(I’ll be blogging a response to Andrew Sullivan’s piece separately in due course).

Bloomberg closes with this warning:

Think about this: In 1960, only 4 to 5 percent of Democrats and Republicans said they would be upset if a member of their family married someone from the opposing party. In 2010, one in three Democrats and one in two Republicans said they would disapprove of such a marriage. In 1960, most people would never have believed that interparty marriage would attract such resistance, while interracial and same-sex marriage would gain such acceptance.

For all the progress we have made on cultural tolerance, when it comes to political tolerance, we are moving in the wrong direction — at campaign rallies that turn violent, on social media threads that turn vitriolic, and on college campuses, where students and faculty have attempted to censor political opponents.

As durable as the American system of government has been, democracy is fragile — and demagogues are always lurking. Stopping them starts with placing a premium on open minds, voting, and demanding that politicians offer practical solutions, not scapegoats or pie-in-the-sky promises.

This is a message which many students will not want to hear, but which needs to be transmitted nonetheless – and not only by commencement speakers, refreshing though it is to hear the likes of Bloomberg take up the cause.

University administrators and professors must also absorb and embrace this message and change the way they approach issues of free speech and academic freedom, for while they are not entirely responsible for the censorious and emotionally fragile nature of new students entering their institutions, they do represent the last and best hope of turning those students into robust and resilient young citizens by the time they graduate.

Michael Bloomberg delivering a crowd-riling, viral-ready commencement speech just as students are about to graduate cannot be our only firewall against the onslaught of this new illiberal movement. We must erect meaningful defences and interventions much earlier in the learning process – rather than simply bowing to the excessive demands and exaggerated sensibilities of perpetually offended students – if we wish to prevent our workplaces and government from going the same way as our university campuses.


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Quote For The Day

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“Be yourself. Do your work. And they will find you. And serving those readers is all the reward you need.”

– Andrew Sullivan, at the time of his recent retirement from blogging.


This blog will continue to provide rigorous, semi-partisan political commentary through the remainder of the 2015 British general election campaign and beyond.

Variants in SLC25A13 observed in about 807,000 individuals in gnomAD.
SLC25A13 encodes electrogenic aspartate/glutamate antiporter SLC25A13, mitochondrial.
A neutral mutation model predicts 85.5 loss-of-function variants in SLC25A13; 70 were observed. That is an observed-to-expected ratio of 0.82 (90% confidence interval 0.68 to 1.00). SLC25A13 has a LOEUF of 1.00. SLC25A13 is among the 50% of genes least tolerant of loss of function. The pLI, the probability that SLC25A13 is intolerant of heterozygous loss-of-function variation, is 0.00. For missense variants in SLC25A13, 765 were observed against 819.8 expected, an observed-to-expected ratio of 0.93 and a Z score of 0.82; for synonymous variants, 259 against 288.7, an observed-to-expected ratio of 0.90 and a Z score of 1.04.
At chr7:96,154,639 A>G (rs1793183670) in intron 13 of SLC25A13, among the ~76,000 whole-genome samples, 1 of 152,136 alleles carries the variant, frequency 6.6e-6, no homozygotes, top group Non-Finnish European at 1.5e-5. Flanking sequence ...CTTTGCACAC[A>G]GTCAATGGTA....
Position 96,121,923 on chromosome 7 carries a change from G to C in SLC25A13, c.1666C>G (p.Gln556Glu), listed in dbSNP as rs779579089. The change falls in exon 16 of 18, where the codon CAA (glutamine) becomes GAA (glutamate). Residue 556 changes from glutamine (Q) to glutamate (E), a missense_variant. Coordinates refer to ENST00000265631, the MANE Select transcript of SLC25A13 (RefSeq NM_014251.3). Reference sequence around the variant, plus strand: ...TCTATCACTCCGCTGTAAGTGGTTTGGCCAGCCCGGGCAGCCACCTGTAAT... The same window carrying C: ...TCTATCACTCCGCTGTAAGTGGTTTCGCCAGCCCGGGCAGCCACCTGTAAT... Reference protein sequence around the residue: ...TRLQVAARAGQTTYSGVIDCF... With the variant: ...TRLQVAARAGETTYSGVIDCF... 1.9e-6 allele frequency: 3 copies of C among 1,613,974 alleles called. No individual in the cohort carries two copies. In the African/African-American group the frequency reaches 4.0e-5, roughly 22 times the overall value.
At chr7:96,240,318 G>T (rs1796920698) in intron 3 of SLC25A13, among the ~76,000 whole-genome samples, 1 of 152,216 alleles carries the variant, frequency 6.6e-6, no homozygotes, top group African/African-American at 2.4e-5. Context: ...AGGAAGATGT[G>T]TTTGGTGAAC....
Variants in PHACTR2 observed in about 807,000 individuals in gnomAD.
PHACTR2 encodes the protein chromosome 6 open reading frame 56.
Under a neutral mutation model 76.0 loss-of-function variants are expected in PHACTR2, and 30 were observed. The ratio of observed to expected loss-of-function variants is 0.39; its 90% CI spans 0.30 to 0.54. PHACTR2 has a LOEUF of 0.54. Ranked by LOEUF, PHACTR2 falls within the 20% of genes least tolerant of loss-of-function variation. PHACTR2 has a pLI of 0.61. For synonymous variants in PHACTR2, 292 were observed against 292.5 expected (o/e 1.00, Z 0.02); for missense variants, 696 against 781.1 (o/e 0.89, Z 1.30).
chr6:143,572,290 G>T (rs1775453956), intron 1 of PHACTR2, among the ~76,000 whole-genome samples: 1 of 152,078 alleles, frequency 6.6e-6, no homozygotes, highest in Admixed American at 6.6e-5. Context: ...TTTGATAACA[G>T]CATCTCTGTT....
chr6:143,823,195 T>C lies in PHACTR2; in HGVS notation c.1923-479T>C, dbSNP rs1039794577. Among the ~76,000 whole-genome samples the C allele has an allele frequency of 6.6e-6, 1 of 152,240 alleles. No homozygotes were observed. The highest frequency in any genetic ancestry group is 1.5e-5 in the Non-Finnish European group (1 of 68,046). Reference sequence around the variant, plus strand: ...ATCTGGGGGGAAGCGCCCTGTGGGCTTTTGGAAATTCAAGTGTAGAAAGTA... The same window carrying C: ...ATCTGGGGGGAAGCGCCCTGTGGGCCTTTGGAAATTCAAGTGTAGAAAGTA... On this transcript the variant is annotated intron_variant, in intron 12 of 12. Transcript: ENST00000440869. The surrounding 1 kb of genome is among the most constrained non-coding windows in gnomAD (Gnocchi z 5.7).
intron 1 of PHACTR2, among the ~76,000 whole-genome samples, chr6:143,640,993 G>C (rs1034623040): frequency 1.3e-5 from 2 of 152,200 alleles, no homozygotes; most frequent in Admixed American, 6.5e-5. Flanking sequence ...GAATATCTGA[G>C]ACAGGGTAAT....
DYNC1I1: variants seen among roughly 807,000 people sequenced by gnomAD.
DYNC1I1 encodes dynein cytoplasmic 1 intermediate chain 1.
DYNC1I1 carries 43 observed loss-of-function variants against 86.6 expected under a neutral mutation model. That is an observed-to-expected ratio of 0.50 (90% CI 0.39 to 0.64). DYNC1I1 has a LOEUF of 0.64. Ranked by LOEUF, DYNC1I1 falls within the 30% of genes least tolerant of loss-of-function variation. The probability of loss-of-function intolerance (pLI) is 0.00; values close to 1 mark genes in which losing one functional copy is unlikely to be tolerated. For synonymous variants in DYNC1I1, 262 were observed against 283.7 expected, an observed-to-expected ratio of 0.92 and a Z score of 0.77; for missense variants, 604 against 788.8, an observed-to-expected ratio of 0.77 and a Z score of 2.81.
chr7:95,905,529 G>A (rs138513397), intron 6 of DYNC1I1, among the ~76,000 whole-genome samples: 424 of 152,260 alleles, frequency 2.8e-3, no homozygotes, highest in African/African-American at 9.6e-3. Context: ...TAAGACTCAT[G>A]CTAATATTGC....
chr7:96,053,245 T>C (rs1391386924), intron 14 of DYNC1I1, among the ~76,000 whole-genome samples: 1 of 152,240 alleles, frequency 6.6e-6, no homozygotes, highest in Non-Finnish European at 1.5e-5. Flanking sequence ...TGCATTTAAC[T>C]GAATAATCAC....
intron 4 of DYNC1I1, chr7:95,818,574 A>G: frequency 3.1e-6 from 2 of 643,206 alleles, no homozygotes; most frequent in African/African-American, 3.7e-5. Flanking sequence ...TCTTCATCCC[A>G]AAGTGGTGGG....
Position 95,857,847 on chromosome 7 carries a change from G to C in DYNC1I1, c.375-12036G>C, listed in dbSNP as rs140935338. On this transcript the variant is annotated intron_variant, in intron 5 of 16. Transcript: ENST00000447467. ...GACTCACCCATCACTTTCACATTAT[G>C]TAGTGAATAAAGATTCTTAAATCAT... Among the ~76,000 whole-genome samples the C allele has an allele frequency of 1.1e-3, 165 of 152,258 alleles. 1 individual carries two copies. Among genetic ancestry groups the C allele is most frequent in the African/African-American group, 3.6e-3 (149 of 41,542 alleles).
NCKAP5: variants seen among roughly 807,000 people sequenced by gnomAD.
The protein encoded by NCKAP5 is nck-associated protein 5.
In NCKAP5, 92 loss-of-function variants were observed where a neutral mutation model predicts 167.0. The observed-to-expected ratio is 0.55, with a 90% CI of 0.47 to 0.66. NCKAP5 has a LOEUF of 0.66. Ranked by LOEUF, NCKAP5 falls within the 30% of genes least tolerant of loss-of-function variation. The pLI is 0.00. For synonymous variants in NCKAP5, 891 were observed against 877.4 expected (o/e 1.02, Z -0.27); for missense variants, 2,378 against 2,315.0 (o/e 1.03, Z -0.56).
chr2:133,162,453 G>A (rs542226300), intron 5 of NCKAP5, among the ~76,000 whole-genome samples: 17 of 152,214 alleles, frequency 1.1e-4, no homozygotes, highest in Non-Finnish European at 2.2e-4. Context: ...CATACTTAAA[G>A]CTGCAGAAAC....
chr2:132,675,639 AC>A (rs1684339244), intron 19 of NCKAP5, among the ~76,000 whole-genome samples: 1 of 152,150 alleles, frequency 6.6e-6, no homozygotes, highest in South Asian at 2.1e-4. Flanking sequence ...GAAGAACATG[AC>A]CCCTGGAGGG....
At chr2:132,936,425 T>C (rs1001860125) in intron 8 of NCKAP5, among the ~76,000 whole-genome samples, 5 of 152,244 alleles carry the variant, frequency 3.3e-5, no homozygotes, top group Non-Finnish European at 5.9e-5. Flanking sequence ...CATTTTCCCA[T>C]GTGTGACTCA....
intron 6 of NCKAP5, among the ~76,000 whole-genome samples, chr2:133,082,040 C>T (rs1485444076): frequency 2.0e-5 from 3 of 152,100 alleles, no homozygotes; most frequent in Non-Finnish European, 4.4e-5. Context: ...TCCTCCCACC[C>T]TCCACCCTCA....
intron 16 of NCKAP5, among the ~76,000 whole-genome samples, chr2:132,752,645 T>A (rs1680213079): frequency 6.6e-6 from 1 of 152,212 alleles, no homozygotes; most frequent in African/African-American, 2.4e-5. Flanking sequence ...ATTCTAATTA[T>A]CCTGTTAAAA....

(I will be live-blogging the election results on Thursday night, here).

This blog will never serve as cheerleader for any one political party, but will continue to proudly champion the interconnected causes of personal liberty, economic freedom and national sovereignty – and give credit where credit is due to any party or politician who is willing to pick up the tarnished torch of liberty in an increasingly hostile environment.

Many thanks to all those people who include Semi-Partisan Sam in their daily internet reading – both those who have recently discovered the blog and those few who have been reading since Day 1.

The June Fourth Incident

Tiananmen Square Protest June 4 Lego


In the West, knowledge of the Tiananmen Square protests and massacre in Beijing is so commonplace that 25 years later, even an allusion in Lego is instantly recognisable, conjuring memories of the time, the place, the victims and the perpetrators.

In ‘modern’ China, it could not be more different.

So successful have the Chinese censors and curators of false history been that reportedly only 15 out of 100 university students in Beijing have any knowledge of the event or recognise the iconic “tank man” image from that bloody day. The fact that the day is referred to and known in China as “Internet maintenance day” says everything that one needs to know about how this feat has been accomplished.

In Britain, America and elsewhere in the West there are certainly momentous issues to be debated, elections to be fought and leaders to be held to account. This is important work. But on the twenty-fifth anniversary of a day when hundreds of people were brazenly murdered by their government in the open air for the crime of engaging in political speech, let us be thankful for the relative safety in which our debates take place, and ever vigilant that we do not squander, barter away or tolerate the curtailment of our precious right to free speech.